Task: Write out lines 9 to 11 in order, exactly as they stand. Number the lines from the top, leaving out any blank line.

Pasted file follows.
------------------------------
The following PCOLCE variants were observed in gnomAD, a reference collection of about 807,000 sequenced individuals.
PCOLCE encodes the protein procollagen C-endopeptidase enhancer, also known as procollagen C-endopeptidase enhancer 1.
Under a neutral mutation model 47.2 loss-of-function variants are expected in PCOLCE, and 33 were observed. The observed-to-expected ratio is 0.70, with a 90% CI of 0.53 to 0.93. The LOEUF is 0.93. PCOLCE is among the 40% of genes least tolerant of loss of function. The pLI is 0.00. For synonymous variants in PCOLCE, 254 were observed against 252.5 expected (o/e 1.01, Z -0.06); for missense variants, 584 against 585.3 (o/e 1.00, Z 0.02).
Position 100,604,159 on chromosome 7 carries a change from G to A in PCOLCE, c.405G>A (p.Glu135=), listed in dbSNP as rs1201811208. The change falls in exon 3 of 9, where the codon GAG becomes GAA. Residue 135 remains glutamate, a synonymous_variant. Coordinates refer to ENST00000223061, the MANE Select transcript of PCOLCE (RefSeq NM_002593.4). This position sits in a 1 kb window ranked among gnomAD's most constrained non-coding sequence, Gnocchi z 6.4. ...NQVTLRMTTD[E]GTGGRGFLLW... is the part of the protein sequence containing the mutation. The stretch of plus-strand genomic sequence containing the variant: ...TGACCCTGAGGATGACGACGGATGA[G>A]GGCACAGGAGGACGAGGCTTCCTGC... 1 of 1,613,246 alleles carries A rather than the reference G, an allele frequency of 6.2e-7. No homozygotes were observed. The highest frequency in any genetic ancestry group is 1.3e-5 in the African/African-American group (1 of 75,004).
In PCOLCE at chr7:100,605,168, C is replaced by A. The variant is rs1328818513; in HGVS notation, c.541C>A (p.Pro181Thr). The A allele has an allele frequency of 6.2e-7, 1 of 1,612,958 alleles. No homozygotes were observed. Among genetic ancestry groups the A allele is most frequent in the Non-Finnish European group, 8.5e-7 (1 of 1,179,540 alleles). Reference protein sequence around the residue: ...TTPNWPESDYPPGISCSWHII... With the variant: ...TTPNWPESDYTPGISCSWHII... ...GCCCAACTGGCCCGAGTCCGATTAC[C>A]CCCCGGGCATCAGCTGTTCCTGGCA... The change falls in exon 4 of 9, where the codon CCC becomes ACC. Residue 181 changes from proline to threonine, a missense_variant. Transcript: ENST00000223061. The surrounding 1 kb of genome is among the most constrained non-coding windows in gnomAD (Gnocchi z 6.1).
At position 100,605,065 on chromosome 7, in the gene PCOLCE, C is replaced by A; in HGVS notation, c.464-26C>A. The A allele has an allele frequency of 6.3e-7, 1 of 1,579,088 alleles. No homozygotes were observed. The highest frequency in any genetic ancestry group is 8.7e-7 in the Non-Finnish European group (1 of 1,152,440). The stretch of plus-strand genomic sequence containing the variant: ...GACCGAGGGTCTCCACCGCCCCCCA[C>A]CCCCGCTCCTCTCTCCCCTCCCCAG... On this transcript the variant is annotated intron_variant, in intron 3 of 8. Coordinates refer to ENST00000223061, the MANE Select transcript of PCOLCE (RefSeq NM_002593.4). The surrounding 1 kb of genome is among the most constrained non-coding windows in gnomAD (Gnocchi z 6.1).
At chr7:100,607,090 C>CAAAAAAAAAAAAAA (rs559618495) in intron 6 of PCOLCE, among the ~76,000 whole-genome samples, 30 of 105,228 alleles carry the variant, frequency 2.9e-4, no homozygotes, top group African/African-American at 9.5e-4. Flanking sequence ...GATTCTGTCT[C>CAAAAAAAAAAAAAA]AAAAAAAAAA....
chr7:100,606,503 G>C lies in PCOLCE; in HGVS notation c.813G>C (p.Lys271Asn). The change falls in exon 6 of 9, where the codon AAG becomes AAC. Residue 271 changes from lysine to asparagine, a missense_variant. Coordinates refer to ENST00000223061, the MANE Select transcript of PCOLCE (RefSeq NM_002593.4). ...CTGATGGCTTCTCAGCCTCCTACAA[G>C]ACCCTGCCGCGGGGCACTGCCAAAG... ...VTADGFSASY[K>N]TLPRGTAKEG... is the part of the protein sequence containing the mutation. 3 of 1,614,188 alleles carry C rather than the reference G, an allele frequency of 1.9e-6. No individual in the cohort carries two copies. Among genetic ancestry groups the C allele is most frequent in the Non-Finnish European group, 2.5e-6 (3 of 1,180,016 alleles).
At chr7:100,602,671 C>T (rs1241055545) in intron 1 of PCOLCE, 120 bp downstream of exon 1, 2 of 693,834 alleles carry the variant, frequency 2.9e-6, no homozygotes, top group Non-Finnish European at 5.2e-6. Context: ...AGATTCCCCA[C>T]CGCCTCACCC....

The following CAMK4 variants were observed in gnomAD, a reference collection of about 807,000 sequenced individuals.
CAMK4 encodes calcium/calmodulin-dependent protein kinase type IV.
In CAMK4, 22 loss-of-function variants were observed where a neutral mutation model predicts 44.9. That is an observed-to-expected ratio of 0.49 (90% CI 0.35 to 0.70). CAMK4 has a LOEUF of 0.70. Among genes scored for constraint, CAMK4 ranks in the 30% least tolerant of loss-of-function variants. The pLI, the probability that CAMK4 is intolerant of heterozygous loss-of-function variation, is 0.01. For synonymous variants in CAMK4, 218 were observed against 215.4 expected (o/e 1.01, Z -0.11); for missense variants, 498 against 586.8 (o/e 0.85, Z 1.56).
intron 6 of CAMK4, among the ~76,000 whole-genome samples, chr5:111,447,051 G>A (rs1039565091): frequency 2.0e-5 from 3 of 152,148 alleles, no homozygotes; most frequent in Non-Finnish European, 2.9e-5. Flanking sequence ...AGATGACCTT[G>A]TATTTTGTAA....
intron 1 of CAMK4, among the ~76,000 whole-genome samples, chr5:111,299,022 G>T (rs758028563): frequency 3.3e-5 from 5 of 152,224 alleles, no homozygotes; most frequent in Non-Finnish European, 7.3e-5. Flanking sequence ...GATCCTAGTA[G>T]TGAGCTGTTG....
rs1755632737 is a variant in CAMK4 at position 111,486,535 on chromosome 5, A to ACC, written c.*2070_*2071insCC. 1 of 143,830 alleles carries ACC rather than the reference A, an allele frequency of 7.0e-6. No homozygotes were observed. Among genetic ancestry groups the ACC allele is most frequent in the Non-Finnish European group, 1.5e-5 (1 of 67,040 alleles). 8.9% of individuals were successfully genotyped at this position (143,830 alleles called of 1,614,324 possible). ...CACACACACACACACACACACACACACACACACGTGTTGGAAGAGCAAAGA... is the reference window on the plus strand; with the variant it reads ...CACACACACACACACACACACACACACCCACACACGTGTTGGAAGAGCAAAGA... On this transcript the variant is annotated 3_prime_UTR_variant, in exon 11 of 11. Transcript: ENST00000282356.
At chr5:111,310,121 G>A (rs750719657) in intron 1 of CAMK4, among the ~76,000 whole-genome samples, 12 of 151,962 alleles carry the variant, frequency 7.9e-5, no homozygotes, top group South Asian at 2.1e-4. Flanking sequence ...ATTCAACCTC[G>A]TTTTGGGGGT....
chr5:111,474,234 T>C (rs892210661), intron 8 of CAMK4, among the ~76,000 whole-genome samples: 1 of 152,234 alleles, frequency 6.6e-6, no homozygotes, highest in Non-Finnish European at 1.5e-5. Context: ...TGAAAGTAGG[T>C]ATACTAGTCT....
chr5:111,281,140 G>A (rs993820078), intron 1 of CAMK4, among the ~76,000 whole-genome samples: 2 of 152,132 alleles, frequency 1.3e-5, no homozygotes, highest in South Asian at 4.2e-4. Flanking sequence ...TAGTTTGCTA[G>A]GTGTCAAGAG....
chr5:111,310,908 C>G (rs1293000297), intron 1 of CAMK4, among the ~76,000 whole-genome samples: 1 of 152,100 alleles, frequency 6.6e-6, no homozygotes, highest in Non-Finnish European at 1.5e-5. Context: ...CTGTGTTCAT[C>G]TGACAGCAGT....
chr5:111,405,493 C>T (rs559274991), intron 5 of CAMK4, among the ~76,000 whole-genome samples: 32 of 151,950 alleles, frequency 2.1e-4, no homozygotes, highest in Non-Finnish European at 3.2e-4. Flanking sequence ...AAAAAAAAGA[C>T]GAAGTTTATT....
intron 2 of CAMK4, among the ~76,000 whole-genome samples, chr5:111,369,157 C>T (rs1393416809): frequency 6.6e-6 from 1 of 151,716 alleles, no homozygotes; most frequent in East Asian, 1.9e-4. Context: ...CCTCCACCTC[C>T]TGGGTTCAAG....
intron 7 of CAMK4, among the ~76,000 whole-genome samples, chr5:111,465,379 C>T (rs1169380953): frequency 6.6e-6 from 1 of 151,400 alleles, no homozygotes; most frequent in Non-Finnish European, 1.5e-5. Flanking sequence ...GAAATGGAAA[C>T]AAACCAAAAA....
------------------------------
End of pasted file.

At chr7:100,602,671 C>T (rs1241055545) in intron 1 of PCOLCE, 120 bp downstream of exon 1, 2 of 693,834 alleles carry the variant, frequency 2.9e-6, no homozygotes, top group Non-Finnish European at 5.2e-6. Context: ...AGATTCCCCA[C>T]CGCCTCACCC....

The following CAMK4 variants were observed in gnomAD, a reference collection of about 807,000 sequenced individuals.
CAMK4 encodes calcium/calmodulin-dependent protein kinase type IV.